Happy Birthday, Internet: The World Wide Web turns 30
In March 1989, CERN computer scientist Tim Berners-Lee published a proposal for a "web" of hypertext documents that could be viewed through a "browser." Three decades later, the internet has reshaped the fabric of communication, global access to information, and society at large.
How better to celebrate the internet's 30th birthday than with one big globe-spanning virtual party?
The World Wide Web Foundation has a full slate of festivities planned, beginning with a speaker lineup featuring Berners-Lee at the CERN lab in Geneva, Switzerland, which kicked off early this morning (2 a.m. ET). Lee is then jetting to London's Science Museum for discussions on how the internet has changed our lives and how to protect its future.
Web Foundation co-founder Rosemary Leith will also lead an event at the Women's Technology Empowerment Centre in Lagos, Nigeria, focused on female technology creators and solving social challenges. These events are part of a larger 30-hour social celebration of the web's history today and tomorrow, with each hour representing a different year of the internet with tweets and posts from founders, inventors, and organizations around the world.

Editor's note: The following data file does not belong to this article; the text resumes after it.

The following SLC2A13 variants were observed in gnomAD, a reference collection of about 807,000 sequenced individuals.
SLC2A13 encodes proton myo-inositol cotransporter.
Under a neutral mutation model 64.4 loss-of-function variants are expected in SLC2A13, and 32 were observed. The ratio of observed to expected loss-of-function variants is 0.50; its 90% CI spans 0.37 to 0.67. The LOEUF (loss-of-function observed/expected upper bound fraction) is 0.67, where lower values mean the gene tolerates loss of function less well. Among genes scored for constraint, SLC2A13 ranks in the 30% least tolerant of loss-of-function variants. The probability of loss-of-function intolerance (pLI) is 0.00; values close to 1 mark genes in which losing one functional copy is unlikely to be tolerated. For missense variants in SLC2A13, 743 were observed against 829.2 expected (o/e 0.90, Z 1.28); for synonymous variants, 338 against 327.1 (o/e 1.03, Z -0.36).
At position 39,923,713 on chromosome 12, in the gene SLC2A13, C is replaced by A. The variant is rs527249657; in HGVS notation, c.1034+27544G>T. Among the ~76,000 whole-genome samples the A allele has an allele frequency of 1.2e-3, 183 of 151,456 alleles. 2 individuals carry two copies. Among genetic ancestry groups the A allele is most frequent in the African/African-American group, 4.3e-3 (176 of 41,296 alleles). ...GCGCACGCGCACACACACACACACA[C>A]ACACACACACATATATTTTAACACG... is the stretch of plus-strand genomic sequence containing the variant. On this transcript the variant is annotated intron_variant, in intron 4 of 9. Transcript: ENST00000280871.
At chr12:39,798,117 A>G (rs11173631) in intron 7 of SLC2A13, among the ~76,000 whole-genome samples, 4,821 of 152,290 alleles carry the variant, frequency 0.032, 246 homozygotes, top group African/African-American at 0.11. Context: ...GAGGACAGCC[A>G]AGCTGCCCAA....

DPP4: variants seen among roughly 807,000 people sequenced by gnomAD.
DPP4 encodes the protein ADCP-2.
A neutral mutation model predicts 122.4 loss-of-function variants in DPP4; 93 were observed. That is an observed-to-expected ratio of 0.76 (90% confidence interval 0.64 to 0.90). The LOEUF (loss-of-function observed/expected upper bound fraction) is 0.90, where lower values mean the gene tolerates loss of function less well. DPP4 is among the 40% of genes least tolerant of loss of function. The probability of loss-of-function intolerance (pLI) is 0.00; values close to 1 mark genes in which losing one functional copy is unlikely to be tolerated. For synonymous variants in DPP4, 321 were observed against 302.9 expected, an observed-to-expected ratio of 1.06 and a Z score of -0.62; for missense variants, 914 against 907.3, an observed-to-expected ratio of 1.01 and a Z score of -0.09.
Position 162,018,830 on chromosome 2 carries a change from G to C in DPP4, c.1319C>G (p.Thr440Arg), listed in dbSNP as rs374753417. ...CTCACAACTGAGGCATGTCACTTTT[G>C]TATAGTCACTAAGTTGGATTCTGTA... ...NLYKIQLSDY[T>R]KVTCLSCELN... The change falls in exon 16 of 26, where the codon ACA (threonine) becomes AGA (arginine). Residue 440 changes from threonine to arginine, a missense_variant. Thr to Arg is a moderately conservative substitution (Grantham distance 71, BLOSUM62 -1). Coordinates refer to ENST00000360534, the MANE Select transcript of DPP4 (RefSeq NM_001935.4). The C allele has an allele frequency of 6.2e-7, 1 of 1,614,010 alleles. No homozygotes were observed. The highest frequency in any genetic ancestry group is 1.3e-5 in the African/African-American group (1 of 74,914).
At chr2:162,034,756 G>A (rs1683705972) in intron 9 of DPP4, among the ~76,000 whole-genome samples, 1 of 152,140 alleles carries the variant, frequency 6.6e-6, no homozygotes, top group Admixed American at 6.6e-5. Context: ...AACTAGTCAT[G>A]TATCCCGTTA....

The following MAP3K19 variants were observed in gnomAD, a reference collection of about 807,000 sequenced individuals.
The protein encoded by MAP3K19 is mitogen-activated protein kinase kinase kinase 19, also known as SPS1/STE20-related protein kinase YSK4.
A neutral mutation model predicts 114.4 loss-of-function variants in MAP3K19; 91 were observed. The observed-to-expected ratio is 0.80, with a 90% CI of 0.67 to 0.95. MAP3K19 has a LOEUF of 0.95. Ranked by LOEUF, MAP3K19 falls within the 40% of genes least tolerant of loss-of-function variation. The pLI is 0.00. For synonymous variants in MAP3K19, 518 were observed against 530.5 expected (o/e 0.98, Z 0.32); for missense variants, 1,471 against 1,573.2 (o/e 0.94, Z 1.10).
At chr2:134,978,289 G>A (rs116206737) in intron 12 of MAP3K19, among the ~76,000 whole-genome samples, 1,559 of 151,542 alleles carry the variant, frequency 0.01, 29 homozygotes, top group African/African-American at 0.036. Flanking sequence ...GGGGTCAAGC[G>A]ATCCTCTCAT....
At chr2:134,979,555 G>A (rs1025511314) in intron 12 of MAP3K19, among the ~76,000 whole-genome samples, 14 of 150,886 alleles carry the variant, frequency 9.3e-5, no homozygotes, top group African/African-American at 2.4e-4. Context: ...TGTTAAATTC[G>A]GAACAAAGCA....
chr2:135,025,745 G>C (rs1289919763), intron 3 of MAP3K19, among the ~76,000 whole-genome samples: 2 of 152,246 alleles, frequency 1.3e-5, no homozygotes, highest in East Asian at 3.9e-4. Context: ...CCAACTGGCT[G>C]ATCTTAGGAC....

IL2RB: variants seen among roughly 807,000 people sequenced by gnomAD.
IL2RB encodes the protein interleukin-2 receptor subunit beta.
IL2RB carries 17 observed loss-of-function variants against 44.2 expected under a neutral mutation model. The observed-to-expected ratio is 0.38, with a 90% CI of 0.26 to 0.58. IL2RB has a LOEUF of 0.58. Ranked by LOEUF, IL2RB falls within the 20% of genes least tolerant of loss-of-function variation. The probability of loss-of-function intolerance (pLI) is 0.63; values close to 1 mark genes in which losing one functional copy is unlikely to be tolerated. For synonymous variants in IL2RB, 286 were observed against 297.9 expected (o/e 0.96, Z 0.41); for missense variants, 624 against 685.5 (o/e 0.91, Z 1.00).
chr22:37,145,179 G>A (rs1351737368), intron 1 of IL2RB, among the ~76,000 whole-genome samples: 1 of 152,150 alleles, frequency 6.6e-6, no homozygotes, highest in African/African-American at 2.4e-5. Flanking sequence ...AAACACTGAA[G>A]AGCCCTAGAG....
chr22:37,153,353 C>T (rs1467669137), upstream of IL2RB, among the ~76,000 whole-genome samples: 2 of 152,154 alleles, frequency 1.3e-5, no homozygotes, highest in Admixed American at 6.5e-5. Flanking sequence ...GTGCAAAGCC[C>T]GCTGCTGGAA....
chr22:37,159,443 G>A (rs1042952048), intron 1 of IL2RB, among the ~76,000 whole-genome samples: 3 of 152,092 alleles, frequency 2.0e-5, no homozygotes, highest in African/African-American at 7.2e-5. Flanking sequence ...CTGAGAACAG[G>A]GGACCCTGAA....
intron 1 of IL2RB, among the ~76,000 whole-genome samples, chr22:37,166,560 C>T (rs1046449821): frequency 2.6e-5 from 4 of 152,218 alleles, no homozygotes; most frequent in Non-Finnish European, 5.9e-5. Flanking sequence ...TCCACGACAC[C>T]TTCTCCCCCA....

You can join in the celebrations by tweeting with the hashtags #Web30 and #ForTheWeb, and contribute to the World Wide Web Foundation's crowdsourced Twitter timeline with your own moments looking back on the past three decades of the web.
There has been some controversy in the past over the actual date of the internet's inception. Berners-Lee's proposal dropped in 1989, but the first web pages, hosted by CERN, didn't go live until August 1991. In August 2016, Berners-Lee got a bit peeved when CERN dubbed Aug. 23 as "Internaut Day," even though both CERN and the World Wide Web Consortium (W3C), which Berners-Lee founded, agreed that the web's 25th anniversary was March 12, 2014.
For the 30th anniversary this year, everyone seems to be on the same page.
If you're looking for a more interactive way to celebrate the start of the web's 30th, CERN rebuilt the original WorldWideWeb browser developed on an Apple NeXT computer in 1990. You can see what it was like to open URLs, edit hypertext documents, and create links in the first-ever browser. It's a lot different than typing search keywords into a modern browser's address bar, to say the least.
CERN also published this old-school interactive timeline charting the history of web technology before and after the invention of the internet, and zooming all the way forward to the creation of modern websites, search engines, and social media.